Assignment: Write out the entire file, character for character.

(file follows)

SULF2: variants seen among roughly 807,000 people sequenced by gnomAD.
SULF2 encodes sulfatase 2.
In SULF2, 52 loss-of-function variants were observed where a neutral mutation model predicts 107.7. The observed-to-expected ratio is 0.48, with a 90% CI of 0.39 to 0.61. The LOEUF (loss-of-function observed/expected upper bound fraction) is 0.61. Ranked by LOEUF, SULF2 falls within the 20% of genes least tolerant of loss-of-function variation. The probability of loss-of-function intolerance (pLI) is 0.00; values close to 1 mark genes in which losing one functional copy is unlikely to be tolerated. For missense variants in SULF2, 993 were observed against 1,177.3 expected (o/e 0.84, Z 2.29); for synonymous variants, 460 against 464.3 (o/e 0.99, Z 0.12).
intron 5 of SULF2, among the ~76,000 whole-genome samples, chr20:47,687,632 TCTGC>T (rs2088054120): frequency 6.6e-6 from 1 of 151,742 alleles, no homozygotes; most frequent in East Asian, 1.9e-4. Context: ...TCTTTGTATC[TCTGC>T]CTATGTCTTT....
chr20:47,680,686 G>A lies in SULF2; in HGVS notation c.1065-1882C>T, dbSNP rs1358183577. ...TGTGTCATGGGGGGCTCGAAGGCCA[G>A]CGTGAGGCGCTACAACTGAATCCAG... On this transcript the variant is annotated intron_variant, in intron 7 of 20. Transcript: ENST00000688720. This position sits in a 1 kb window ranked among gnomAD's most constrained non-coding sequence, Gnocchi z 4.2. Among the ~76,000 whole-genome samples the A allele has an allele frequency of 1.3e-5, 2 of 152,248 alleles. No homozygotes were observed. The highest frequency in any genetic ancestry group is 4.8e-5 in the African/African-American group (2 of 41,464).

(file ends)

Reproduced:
SULF2: variants seen among roughly 807,000 people sequenced by gnomAD.
SULF2 encodes sulfatase 2.
In SULF2, 52 loss-of-function variants were observed where a neutral mutation model predicts 107.7. The observed-to-expected ratio is 0.48, with a 90% CI of 0.39 to 0.61. The LOEUF (loss-of-function observed/expected upper bound fraction) is 0.61. Ranked by LOEUF, SULF2 falls within the 20% of genes least tolerant of loss-of-function variation. The probability of loss-of-function intolerance (pLI) is 0.00; values close to 1 mark genes in which losing one functional copy is unlikely to be tolerated. For missense variants in SULF2, 993 were observed against 1,177.3 expected (o/e 0.84, Z 2.29); for synonymous variants, 460 against 464.3 (o/e 0.99, Z 0.12).
intron 5 of SULF2, among the ~76,000 whole-genome samples, chr20:47,687,632 TCTGC>T (rs2088054120): frequency 6.6e-6 from 1 of 151,742 alleles, no homozygotes; most frequent in East Asian, 1.9e-4. Context: ...TCTTTGTATC[TCTGC>T]CTATGTCTTT....
chr20:47,680,686 G>A lies in SULF2; in HGVS notation c.1065-1882C>T, dbSNP rs1358183577. ...TGTGTCATGGGGGGCTCGAAGGCCA[G>A]CGTGAGGCGCTACAACTGAATCCAG... On this transcript the variant is annotated intron_variant, in intron 7 of 20. Transcript: ENST00000688720. This position sits in a 1 kb window ranked among gnomAD's most constrained non-coding sequence, Gnocchi z 4.2. Among the ~76,000 whole-genome samples the A allele has an allele frequency of 1.3e-5, 2 of 152,248 alleles. No homozygotes were observed. The highest frequency in any genetic ancestry group is 4.8e-5 in the African/African-American group (2 of 41,464).